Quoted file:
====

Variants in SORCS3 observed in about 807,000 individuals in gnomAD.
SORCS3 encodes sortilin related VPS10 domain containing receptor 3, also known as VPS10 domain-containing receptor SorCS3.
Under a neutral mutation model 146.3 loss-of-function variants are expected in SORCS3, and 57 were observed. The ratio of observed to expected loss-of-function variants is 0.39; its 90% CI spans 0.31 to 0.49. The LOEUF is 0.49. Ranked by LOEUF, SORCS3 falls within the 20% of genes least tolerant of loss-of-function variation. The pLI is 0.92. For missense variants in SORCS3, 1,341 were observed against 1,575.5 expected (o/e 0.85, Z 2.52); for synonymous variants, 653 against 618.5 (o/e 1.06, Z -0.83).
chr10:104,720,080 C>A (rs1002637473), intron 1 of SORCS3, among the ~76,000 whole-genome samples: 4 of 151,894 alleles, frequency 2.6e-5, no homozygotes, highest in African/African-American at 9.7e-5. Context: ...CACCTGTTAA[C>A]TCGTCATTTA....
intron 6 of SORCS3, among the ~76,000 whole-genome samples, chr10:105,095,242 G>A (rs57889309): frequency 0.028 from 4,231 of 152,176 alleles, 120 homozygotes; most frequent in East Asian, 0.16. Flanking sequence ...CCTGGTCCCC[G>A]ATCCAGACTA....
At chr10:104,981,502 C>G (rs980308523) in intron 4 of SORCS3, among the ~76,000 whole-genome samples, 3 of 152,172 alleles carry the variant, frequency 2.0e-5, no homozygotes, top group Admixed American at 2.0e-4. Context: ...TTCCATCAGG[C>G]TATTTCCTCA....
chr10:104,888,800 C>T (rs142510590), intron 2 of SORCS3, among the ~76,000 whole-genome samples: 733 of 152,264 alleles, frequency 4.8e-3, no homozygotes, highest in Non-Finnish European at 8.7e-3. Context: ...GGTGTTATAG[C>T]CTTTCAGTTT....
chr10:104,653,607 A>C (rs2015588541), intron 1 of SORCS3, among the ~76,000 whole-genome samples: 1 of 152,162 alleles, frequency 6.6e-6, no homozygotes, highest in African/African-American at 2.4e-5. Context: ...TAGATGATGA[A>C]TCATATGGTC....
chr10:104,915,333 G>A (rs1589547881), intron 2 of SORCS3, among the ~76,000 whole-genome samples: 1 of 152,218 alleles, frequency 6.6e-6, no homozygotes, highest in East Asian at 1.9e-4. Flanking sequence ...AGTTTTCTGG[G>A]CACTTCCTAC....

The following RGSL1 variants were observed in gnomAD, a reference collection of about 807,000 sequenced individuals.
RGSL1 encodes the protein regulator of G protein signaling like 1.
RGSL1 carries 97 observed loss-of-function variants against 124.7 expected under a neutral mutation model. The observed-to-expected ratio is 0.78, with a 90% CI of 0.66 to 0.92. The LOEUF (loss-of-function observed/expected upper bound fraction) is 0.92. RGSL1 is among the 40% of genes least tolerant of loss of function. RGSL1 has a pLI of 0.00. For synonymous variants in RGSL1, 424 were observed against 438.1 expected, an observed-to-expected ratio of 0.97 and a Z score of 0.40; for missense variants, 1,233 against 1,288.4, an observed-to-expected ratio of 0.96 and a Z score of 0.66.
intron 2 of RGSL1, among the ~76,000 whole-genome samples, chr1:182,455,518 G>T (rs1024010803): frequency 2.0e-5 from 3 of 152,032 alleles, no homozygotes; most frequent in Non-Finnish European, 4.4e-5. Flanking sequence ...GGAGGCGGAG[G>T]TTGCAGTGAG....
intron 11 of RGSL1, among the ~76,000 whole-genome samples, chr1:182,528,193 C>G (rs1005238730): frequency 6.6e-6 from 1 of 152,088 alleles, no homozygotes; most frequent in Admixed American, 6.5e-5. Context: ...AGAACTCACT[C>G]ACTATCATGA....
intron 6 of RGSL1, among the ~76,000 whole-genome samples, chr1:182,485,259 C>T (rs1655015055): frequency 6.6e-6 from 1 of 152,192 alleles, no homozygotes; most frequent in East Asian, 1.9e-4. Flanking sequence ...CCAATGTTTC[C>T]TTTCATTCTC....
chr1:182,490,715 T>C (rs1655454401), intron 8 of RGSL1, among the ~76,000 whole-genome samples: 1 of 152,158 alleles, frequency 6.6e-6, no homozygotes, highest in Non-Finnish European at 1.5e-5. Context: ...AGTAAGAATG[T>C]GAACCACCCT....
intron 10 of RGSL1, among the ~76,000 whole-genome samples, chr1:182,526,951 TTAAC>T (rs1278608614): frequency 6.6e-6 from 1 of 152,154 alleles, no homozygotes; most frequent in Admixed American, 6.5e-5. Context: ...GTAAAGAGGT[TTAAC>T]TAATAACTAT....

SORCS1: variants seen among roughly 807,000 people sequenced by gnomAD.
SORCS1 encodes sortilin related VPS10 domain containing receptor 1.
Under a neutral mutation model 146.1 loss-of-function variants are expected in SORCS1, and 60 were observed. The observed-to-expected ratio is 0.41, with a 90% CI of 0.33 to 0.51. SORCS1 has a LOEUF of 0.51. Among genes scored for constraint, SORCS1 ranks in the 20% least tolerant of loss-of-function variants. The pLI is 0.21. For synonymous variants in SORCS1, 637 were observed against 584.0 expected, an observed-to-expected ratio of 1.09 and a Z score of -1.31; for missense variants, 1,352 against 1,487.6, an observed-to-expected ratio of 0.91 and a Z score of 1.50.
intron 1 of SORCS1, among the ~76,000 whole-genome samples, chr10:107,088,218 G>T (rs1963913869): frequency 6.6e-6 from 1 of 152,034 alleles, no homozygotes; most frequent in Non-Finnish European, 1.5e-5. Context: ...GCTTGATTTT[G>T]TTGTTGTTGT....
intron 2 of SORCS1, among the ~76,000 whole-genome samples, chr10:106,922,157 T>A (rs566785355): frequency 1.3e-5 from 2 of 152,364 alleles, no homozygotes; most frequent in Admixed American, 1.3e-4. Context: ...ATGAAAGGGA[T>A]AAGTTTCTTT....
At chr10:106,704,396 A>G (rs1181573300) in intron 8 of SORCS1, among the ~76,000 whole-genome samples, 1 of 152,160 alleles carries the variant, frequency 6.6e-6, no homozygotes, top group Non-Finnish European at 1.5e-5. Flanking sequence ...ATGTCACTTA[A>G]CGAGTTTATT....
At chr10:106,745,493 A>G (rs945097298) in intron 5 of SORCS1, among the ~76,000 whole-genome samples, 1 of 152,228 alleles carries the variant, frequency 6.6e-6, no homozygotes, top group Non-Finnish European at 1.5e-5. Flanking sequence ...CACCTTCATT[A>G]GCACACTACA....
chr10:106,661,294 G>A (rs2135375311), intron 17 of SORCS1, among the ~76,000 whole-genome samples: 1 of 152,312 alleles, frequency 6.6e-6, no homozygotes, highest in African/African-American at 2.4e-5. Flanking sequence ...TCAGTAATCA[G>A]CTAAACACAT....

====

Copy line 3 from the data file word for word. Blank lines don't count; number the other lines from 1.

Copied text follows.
Under a neutral mutation model 146.3 loss-of-function variants are expected in SORCS3, and 57 were observed. The ratio of observed to expected loss-of-function variants is 0.39; its 90% CI spans 0.31 to 0.49. The LOEUF is 0.49. Ranked by LOEUF, SORCS3 falls within the 20% of genes least tolerant of loss-of-function variation. The pLI is 0.92. For missense variants in SORCS3, 1,341 were observed against 1,575.5 expected (o/e 0.85, Z 2.52); for synonymous variants, 653 against 618.5 (o/e 1.06, Z -0.83).